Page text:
Desmond, Deirdre M. and MacLachlan, Malcolm
Prevalence and characteristics of phantom limb pain and residual limb pain in the long term following upper limb amputation.
International Journal of Rehabilitation Research, 33 (3).
This study aims to describe the prevalence and characteristics of phantom limb pain and residual limb pain following upper limb amputation. Methods: One-hundred and forty-one participants (139 males; mean age 74.8 years; mean time since amputation 50.1 years) completed a self-report questionnaire assessing residual and phantom limb pain experience. Results: Prevalence of phantom limb pain during the week preceding assessment was 42.6% (60/141). Prevalence of residual limb pain was 43.3% (61/141). More than one third of these had some pain constantly or most days. Phantom limb pain was commonly described as ‘discomforting’ (31/60) and associated with ‘a little bit’ of lifestyle interference (23/60). Residual limb pain was most often described as ‘discomforting’ (27/61) or ‘distressing’ (19/61) and was typically associated with low to moderate levels of lifestyle interference. Conclusion: Assessment of multiple dimensions of post-amputation pain in the long term following upper limb amputation is warranted.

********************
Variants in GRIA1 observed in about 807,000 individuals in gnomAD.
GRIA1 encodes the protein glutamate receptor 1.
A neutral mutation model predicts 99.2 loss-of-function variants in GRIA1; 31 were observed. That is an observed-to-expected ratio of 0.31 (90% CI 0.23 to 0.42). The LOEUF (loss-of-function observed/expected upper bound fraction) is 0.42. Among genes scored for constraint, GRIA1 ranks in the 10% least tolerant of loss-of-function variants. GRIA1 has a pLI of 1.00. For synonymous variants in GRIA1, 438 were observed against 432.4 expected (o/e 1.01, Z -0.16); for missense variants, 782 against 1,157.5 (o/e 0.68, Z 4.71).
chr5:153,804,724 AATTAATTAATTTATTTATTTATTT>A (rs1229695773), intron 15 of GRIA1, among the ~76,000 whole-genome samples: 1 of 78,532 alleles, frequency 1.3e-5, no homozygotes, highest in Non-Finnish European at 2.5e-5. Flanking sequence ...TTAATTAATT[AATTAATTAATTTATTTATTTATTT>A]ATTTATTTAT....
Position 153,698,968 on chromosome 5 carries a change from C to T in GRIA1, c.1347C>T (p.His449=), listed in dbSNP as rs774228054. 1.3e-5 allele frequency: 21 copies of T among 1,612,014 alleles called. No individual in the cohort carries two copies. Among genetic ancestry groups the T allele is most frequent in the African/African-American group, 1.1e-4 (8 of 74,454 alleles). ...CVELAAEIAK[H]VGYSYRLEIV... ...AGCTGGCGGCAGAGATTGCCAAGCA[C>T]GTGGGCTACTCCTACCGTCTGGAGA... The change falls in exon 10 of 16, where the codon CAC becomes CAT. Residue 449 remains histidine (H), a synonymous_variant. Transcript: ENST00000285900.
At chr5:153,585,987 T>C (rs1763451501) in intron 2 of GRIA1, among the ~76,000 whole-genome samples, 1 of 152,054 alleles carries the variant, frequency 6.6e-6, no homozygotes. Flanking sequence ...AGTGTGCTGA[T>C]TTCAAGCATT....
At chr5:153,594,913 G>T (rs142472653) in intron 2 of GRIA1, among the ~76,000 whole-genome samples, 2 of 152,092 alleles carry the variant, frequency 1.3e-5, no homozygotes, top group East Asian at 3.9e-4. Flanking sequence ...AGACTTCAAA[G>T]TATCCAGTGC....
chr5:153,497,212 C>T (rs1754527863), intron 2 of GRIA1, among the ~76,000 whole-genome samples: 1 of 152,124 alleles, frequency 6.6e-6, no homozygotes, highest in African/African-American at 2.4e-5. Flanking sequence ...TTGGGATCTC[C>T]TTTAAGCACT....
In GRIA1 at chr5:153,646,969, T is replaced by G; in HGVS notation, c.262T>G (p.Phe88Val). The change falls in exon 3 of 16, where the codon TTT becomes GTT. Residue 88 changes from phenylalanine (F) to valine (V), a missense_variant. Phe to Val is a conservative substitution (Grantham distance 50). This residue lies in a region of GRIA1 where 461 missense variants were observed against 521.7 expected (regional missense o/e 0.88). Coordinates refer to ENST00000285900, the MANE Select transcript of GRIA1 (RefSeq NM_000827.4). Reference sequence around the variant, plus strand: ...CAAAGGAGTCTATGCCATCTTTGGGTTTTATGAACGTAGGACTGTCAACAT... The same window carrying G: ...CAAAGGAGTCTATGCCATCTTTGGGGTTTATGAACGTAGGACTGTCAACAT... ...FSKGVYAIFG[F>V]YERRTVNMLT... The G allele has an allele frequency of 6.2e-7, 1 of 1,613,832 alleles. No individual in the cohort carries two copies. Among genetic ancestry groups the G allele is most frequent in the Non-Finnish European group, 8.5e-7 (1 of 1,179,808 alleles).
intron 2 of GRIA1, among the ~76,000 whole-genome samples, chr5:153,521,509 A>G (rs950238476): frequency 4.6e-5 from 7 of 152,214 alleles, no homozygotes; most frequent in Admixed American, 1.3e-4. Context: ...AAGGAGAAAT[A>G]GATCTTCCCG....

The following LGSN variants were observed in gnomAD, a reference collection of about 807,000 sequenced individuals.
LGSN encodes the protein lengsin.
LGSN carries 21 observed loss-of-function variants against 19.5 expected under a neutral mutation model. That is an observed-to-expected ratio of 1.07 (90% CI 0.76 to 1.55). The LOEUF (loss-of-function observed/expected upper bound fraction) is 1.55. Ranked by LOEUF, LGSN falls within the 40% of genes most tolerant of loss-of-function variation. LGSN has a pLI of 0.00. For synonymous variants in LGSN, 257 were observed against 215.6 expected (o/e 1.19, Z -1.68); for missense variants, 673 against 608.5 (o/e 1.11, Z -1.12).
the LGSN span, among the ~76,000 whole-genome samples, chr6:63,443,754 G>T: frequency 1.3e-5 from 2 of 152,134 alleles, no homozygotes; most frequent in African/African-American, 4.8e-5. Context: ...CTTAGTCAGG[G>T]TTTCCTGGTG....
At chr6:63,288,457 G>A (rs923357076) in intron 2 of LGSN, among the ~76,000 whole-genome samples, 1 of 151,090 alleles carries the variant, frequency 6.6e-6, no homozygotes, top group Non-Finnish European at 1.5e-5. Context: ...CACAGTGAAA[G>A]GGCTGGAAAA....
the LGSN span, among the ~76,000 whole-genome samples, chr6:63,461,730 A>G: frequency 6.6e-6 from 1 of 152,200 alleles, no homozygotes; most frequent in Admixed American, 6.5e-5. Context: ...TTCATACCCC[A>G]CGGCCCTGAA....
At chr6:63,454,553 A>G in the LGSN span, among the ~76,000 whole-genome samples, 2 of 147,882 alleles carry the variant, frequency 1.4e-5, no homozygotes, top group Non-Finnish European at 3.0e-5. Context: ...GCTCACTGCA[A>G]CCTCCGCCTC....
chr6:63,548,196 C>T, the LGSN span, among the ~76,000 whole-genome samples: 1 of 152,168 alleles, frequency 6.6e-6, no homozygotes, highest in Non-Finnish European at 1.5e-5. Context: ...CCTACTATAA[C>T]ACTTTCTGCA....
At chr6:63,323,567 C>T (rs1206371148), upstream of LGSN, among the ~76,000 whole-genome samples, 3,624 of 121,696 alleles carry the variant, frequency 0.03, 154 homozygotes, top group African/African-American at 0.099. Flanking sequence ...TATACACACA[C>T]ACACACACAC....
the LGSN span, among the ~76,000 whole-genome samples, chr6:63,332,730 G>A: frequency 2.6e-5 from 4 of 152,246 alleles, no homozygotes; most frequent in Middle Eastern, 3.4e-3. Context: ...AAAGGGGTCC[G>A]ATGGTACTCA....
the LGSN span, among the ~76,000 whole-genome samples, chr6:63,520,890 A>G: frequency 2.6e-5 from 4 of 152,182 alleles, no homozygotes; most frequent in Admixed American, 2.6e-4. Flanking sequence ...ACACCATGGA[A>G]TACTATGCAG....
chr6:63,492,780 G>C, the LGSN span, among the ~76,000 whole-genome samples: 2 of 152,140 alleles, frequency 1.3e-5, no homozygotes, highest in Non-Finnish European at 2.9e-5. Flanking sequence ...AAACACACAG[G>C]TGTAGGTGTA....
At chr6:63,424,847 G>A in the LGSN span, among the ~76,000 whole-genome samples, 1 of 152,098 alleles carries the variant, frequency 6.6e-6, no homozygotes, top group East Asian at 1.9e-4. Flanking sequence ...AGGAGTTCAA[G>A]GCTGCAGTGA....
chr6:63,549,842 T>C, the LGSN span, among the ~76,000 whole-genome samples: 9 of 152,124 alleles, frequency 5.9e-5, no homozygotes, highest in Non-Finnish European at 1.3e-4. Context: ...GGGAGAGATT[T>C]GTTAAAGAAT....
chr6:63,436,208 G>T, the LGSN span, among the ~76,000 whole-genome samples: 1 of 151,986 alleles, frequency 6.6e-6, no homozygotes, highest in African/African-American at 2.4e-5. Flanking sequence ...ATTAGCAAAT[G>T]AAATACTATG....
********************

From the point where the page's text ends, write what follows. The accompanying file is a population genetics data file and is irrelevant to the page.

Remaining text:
||This is not the final published version of this article. The definitive published version of this article is available at the International Journal of Rehabilitation Research (ISSN: 0342-5282) Vol.33 No.3(2010), pp.279-282. DOI: 10.1097/MRR.0b013e328336388d
||Upper Limb Amputation; Phantom Limb Pain; Residual Limb Pain;
||Faculty of Science and Engineering > Psychology
Dr. Deirdre Desmond
||08 Aug 2012 14:03
|Journal or Publication Title:
||International Journal of Rehabilitation Research
||Lippincott, Williams & Wilkins
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